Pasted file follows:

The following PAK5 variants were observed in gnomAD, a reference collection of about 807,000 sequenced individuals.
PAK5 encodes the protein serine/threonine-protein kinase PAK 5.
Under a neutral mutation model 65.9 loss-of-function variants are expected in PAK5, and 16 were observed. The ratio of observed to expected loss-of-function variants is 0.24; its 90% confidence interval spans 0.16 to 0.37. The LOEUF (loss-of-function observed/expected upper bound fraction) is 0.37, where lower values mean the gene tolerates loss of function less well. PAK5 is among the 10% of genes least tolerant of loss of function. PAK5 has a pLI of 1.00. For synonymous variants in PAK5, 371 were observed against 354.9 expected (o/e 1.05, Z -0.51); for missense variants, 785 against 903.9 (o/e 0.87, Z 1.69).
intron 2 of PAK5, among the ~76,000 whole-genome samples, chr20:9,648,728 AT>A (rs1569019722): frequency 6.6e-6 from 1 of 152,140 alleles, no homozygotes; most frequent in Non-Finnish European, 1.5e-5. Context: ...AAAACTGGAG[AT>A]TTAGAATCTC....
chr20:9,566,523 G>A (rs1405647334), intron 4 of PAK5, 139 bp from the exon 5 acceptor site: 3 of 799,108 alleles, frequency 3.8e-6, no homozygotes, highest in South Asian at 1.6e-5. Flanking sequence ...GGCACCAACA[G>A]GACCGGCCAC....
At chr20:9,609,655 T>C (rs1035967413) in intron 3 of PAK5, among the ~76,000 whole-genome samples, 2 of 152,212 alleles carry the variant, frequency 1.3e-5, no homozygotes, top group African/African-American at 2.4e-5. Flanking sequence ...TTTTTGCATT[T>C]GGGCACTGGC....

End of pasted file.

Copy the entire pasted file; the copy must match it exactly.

The following PAK5 variants were observed in gnomAD, a reference collection of about 807,000 sequenced individuals.
PAK5 encodes the protein serine/threonine-protein kinase PAK 5.
Under a neutral mutation model 65.9 loss-of-function variants are expected in PAK5, and 16 were observed. The ratio of observed to expected loss-of-function variants is 0.24; its 90% confidence interval spans 0.16 to 0.37. The LOEUF (loss-of-function observed/expected upper bound fraction) is 0.37, where lower values mean the gene tolerates loss of function less well. PAK5 is among the 10% of genes least tolerant of loss of function. PAK5 has a pLI of 1.00. For synonymous variants in PAK5, 371 were observed against 354.9 expected (o/e 1.05, Z -0.51); for missense variants, 785 against 903.9 (o/e 0.87, Z 1.69).
intron 2 of PAK5, among the ~76,000 whole-genome samples, chr20:9,648,728 AT>A (rs1569019722): frequency 6.6e-6 from 1 of 152,140 alleles, no homozygotes; most frequent in Non-Finnish European, 1.5e-5. Context: ...AAAACTGGAG[AT>A]TTAGAATCTC....
chr20:9,566,523 G>A (rs1405647334), intron 4 of PAK5, 139 bp from the exon 5 acceptor site: 3 of 799,108 alleles, frequency 3.8e-6, no homozygotes, highest in South Asian at 1.6e-5. Flanking sequence ...GGCACCAACA[G>A]GACCGGCCAC....
At chr20:9,609,655 T>C (rs1035967413) in intron 3 of PAK5, among the ~76,000 whole-genome samples, 2 of 152,212 alleles carry the variant, frequency 1.3e-5, no homozygotes, top group African/African-American at 2.4e-5. Flanking sequence ...TTTTTGCATT[T>C]GGGCACTGGC....